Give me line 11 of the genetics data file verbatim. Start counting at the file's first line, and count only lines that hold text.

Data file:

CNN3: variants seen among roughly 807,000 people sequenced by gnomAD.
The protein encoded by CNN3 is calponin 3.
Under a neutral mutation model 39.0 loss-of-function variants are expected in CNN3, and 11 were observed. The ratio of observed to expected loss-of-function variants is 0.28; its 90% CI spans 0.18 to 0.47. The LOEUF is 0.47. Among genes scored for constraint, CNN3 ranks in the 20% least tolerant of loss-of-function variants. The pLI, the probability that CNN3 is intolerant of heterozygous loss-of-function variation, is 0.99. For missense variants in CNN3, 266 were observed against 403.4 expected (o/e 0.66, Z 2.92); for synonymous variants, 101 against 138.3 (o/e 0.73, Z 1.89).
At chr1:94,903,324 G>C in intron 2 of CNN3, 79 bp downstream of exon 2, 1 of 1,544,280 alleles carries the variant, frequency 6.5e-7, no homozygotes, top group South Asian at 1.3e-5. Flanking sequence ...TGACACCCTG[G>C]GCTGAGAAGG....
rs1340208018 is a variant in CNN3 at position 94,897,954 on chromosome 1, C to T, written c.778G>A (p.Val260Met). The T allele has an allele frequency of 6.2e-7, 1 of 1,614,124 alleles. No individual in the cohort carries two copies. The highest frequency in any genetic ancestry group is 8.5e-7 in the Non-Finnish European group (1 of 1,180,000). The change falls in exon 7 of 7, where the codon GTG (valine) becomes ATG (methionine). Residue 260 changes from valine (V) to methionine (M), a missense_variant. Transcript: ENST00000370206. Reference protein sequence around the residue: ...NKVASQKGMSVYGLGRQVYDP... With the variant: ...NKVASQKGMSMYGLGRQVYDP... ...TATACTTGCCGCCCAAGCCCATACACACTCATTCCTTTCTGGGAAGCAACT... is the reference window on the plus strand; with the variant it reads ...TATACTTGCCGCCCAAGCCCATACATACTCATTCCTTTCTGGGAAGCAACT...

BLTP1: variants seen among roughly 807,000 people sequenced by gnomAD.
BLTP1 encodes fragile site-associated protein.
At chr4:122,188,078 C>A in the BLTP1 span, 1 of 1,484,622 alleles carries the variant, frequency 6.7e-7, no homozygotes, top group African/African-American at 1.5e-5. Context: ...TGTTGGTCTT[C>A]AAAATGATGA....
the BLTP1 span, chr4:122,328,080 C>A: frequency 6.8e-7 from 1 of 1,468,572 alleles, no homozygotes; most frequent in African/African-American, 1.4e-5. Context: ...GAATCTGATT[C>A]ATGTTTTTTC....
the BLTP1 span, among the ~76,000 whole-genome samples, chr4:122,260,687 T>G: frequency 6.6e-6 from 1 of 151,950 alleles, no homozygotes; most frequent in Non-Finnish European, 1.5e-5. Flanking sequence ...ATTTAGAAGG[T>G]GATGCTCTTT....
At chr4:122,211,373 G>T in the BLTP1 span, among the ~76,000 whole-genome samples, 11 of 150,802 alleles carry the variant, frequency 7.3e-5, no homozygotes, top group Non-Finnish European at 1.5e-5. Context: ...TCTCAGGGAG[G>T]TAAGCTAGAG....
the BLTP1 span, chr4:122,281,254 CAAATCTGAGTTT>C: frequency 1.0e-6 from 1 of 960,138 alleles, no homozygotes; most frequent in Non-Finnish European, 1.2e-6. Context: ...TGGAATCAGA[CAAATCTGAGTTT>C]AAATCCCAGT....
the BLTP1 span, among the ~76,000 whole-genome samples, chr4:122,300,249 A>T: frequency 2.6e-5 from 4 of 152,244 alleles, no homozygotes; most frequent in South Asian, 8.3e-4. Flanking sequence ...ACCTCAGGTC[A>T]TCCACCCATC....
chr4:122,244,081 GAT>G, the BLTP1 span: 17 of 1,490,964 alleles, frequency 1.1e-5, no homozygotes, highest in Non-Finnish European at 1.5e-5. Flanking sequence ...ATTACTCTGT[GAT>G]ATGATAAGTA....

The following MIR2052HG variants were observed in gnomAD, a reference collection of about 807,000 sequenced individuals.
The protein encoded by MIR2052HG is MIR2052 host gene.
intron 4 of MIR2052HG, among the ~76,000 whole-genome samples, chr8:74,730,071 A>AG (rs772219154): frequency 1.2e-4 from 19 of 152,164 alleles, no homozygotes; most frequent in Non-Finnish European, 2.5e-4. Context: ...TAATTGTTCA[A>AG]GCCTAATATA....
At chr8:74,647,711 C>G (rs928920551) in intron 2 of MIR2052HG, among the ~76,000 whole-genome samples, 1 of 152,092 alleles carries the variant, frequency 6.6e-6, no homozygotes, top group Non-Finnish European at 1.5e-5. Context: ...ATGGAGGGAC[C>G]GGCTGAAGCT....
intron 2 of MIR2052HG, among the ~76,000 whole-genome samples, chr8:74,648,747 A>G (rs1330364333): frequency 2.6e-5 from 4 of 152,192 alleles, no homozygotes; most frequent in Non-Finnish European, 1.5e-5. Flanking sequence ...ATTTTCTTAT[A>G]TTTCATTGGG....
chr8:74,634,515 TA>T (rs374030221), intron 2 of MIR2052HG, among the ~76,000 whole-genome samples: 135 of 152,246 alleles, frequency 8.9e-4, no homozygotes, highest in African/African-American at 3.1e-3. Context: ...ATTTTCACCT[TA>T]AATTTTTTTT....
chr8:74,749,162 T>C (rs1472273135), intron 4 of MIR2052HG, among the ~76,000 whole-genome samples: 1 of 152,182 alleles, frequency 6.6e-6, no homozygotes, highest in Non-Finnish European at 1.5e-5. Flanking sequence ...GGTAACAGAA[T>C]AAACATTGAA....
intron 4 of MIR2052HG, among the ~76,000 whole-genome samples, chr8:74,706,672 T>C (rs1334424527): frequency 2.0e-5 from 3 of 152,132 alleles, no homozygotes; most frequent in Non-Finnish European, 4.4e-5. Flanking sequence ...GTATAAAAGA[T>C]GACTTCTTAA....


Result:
At chr4:122,211,373 G>T in the BLTP1 span, among the ~76,000 whole-genome samples, 11 of 150,802 alleles carry the variant, frequency 7.3e-5, no homozygotes, top group Non-Finnish European at 1.5e-5. Context: ...TCTCAGGGAG[G>T]TAAGCTAGAG....